Got a project and can’t decide on a typeface? This chart is by no means complete, but it might help steer you in the right direction. Click it to see it at full size.
You young’uns may have learned about typefaces and the difference between serif and sans serif from using the “font” settings on your computers, but I learned from using Letraset (and often, its budget-priced brother, Geotype). They were sheets of rub-down transfer lettering and clip art. The principle behind Letraset wasn’t all that different from temporary tattoos. The stuff went the way of the dodo once desktop publishing and laser, inkjet and dye sublimation printers caught on.
Graphic artist and typeface fancier Jessica Hische – who recently wrote the brilliant “The work you do while you procrastinate is the work you should be doing for the rest of your life” – posted this great graphic showing the evolution of her type taste from grade school to the present day. Click it to see it at full size. Oh, I remember my Helvetica Condensed Black Oblique phase…
Smashing Magazine’s “Free Fonts of the Month” for this particular month are really, really, really, good. Grab ’em while they’re still up!
Here’s a sample of Anivers, a font created for Smashing Magazine’s first anniversary. It’s been updated for “extended language support, improved glyph shapes and improved metrics and kerning.” Note that only Anivers Regular is free:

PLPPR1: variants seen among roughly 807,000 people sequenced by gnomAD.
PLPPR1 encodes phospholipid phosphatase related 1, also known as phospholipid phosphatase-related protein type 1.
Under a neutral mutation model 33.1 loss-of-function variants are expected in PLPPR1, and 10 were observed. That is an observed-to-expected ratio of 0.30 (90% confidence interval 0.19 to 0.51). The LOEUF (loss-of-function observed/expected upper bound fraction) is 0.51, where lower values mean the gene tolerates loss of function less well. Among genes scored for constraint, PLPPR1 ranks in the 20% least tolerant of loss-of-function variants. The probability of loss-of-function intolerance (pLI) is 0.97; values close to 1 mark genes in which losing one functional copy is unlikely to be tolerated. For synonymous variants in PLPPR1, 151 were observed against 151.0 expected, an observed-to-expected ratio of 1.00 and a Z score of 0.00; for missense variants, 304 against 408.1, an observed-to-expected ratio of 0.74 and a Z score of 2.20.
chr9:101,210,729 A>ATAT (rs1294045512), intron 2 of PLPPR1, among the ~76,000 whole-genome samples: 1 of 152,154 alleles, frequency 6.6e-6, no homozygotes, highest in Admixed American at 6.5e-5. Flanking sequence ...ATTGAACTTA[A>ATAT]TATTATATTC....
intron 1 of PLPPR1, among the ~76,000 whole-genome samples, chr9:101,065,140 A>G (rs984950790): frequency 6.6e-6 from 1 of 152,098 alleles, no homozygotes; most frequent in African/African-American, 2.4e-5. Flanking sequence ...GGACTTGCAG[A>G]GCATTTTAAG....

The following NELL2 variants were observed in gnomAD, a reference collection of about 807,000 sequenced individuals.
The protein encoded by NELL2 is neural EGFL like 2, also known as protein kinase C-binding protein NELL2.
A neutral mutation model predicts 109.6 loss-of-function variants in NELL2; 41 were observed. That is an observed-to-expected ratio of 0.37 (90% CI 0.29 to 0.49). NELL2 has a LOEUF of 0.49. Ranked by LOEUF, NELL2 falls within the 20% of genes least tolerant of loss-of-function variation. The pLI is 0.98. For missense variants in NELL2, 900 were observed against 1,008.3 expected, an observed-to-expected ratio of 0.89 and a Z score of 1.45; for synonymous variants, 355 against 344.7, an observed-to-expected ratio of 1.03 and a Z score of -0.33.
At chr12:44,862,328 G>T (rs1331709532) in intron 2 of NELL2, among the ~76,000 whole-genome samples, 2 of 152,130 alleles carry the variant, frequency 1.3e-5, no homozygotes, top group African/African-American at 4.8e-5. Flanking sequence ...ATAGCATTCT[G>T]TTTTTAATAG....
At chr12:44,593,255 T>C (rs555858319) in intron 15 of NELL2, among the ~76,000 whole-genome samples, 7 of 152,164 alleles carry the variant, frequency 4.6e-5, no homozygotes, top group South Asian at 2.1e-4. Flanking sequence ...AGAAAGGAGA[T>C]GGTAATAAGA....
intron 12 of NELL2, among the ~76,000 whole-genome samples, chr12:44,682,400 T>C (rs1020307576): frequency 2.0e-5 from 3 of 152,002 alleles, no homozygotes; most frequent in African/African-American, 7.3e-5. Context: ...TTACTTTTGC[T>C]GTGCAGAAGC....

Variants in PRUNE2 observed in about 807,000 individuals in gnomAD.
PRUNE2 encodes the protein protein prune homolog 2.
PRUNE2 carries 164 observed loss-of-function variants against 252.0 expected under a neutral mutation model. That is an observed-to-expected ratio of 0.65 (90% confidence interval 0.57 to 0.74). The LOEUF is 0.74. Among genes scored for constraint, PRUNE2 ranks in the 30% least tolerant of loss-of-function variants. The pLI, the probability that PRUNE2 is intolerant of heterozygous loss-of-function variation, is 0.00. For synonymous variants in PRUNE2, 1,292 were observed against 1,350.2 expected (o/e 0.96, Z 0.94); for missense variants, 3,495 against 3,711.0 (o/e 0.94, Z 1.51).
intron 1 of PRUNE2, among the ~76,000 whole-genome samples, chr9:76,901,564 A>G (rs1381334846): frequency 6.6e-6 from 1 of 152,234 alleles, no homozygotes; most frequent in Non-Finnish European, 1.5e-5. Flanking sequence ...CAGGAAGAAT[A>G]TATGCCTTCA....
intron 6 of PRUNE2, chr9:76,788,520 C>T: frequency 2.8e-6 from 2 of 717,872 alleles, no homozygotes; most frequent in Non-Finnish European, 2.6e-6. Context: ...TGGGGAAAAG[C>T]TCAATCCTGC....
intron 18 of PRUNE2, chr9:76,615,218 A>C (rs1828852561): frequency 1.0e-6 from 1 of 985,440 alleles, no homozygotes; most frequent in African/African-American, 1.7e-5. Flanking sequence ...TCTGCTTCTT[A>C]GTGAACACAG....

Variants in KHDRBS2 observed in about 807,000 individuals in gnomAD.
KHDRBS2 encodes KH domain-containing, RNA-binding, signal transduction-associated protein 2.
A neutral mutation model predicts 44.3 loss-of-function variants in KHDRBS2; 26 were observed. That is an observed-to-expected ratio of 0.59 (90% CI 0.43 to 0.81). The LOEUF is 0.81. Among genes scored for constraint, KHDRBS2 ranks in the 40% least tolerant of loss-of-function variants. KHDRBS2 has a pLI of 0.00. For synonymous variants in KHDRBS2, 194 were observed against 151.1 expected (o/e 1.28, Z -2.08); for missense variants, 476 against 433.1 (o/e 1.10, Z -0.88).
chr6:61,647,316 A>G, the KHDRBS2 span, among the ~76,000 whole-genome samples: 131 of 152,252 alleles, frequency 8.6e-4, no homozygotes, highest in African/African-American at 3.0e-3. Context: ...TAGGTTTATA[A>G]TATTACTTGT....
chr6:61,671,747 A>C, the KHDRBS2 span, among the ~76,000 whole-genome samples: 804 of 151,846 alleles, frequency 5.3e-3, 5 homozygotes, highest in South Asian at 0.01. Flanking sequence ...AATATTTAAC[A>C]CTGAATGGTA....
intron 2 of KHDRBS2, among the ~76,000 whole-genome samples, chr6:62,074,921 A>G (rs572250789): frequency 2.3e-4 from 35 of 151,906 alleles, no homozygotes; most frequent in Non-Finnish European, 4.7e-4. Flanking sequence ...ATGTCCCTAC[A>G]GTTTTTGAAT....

Here’s Fresco Semi Bold, “just one member of a large and flexible type family by Dutch design legend Fred Smeijers:”
And finally, Gentium, designed by Victor Gaultney:
Websites You Shouldn’t Have Missed in April 2008 is a collection of 52 links featuring graphic design tutorials, Ajax, CSS, tips for freelance workers, free fonts, icons and graphics, tools and generators, WordPress themes, typography sites and sites to inspire you. Well worth perusing.
If you’re working on an app like the Church Sign Generator or Photoshopping your own roadside signs, you might want to take a look at these fonts, “Signage Standard” and “Signage Modern”, which are designed to look like the black letters on clear plastic that you see on roadside signs all across North America.